BluRay/DVD Reviews

STAR TREK MOTION PICTURE TRILOGY

By • Jun 2nd, 2009 •

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Gotta start with the best news. STAR TREK: THE VOYAGE HOME, in my estimation the best of the series, has always looked shitty on home video. The former DVD was soft and a bit washed out. There was a lot of fog used in the film, particularly inside the Star Fleet ship, and it proved too great a challenge for the mastering machinery. Even the easier scenes didn’t pop the way they should have. But now, and I knew and hoped it would be the case, the Hi-Def transfers eliminated all that visual disappointment, rendering the most problematic scenes crisp and satisfying.

The mildly bad news about THE VOYAGE HOME. And there’s far less of it, but while the new mastering cleared up the resolution issues, it also made some of the matte shots look like what they are, paintings. Matte artists were always told to dumb down the detail of their work, because film stocks just couldn’t enable the real portions of the frame to live up to ultra-sharp matte-work. Well now the opposite has taken place, in that the sharpness of Hi-Def has highlighted the intentional softness of the mattes. Check out Chapter 4, the opening shot. Enough said. But in the balance of virtues with defects, this release is probably as good as it’s going to get, and it’s wonderful.

In case anyone was worried that the old supplementals were going to be dropped – fear no more: it’s all there. Nimoy and Shatner conversing on the commentary track, plus lots of new stuff.

I remember having a breakfast interview with Leonard Nimoy for ‘Films in Review’ when he was in NYC promoting THE SEARCH FOR SPOCK. A warm, intelligent guy, he effectively dodged my every attempt to eek out what became of Spock at the end of the film. It was, to my knowledge, his first attempt at directing, and it was adequate. Whatever he learned from this experience, he applied to the next installment – THE VOYAGE HOME – and really did a great job.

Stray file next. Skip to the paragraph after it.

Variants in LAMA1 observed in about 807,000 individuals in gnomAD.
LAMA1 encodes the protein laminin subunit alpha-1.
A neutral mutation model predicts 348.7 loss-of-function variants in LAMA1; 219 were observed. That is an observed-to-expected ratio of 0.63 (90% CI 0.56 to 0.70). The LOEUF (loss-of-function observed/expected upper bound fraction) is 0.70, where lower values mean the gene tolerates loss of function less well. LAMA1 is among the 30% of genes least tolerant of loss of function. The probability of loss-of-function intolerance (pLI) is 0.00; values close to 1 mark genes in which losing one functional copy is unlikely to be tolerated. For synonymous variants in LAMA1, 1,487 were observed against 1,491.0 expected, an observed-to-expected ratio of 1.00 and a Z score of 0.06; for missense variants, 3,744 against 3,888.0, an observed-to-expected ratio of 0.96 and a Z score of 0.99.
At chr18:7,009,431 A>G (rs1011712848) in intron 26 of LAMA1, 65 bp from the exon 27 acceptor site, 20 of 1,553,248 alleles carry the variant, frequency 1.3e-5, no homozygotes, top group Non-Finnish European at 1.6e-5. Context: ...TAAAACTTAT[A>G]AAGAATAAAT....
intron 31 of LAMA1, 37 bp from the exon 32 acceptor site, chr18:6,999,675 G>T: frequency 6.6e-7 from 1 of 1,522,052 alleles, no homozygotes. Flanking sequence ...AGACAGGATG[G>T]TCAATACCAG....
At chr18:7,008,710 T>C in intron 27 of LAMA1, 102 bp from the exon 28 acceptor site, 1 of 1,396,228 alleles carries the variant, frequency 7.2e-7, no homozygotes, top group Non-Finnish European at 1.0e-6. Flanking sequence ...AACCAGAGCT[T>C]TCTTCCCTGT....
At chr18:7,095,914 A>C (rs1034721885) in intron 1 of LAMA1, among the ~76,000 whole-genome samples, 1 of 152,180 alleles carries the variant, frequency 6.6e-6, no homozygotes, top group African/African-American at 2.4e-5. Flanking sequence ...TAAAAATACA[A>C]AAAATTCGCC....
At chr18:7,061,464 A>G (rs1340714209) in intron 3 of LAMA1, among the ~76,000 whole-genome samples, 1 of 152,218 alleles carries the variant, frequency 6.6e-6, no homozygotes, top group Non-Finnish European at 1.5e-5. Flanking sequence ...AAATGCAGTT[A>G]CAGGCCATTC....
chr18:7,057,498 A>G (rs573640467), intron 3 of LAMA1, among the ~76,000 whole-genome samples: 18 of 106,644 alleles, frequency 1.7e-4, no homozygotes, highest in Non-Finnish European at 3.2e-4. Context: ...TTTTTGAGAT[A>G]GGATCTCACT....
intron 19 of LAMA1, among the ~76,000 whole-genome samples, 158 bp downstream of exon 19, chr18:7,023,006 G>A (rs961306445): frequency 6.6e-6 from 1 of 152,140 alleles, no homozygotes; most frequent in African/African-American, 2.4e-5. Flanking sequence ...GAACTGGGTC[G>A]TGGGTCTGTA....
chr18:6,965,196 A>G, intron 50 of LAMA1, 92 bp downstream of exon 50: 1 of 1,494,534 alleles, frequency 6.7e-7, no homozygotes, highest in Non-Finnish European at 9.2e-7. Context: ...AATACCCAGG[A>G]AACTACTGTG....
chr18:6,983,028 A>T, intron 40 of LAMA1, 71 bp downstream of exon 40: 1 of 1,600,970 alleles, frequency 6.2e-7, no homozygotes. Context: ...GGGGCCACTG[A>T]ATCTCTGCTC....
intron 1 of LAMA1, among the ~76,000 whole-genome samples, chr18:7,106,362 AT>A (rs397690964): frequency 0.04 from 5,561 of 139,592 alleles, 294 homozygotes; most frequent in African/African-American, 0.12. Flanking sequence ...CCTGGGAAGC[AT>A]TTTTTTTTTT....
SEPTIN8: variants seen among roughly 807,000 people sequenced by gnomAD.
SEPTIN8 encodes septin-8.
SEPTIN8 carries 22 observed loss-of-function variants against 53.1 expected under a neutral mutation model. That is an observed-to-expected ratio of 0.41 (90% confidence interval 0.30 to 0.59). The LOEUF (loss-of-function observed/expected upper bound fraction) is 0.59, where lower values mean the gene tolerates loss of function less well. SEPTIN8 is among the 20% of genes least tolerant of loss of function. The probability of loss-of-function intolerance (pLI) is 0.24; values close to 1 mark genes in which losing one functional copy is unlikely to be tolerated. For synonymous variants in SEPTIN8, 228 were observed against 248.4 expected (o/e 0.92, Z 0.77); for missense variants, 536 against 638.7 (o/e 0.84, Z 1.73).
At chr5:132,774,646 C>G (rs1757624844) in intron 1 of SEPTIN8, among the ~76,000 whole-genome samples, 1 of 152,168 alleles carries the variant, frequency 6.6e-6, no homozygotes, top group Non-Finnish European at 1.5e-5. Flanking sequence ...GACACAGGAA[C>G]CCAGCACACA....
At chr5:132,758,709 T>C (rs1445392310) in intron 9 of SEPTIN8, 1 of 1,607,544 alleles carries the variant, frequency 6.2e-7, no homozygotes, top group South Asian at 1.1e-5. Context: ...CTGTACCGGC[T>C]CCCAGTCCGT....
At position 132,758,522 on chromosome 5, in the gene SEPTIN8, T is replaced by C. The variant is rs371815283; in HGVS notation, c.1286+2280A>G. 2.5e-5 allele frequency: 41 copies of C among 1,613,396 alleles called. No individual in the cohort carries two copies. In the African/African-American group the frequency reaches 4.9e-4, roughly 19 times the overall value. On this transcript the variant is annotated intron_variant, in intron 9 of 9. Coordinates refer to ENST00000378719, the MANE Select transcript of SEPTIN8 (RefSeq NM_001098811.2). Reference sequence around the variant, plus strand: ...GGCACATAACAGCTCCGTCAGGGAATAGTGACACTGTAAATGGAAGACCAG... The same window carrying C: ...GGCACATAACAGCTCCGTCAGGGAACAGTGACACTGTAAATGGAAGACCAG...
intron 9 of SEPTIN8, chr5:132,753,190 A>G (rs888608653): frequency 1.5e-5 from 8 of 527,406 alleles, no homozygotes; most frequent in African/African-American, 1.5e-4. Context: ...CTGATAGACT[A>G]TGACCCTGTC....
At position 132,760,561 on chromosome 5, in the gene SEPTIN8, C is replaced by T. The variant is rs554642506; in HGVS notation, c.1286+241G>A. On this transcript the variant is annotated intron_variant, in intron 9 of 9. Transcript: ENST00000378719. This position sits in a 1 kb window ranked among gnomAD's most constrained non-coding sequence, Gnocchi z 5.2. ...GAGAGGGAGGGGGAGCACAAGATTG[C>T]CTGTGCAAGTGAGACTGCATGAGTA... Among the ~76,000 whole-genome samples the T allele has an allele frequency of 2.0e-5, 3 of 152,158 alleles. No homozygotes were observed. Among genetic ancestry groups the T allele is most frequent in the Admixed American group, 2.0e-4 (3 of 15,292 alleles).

After I saw SEARCH FOR SPOCK, I wrote Nimoy a letter asking if he was influenced by CITY LIGHTS. The ending, when Spock recognizes Kirk, is so like the final scene in Chaplin’s film, when the flower girl, no longer blind, recognizes the tramp as her benefactor.. He wrote back, telling me that he did not have that in mind, but that he saw the similarity and thanked me for the compliment.

Book-ended here are the two ST contributions by Nicholas Meyer. The clever screenwriter of TIME AFTER TIME did a fine job directing WRATH OF KHAN (which many feel is the best of the series) and co-authored THE VOYAGE HOME. It’s in VOYAGE that you can really feel his particular brand of fanciful narrative and wonderful humor, as the crew journeys back to the Flower Child era to recover a whale for the security of the future. But you can find Meyer on the commentary track of WRATH, along with other extras such as a ‘Tribute to Ricardo Montalban’ featurette which is new to BluRay.

Also timely on the new BluRay releases is a trailer for J.J. Abrams’ STAR TREK film. The new movie captures the humor, humanity, and energy that made the series such a success. A pleasure to see a teaser in front of this classic trilogy.

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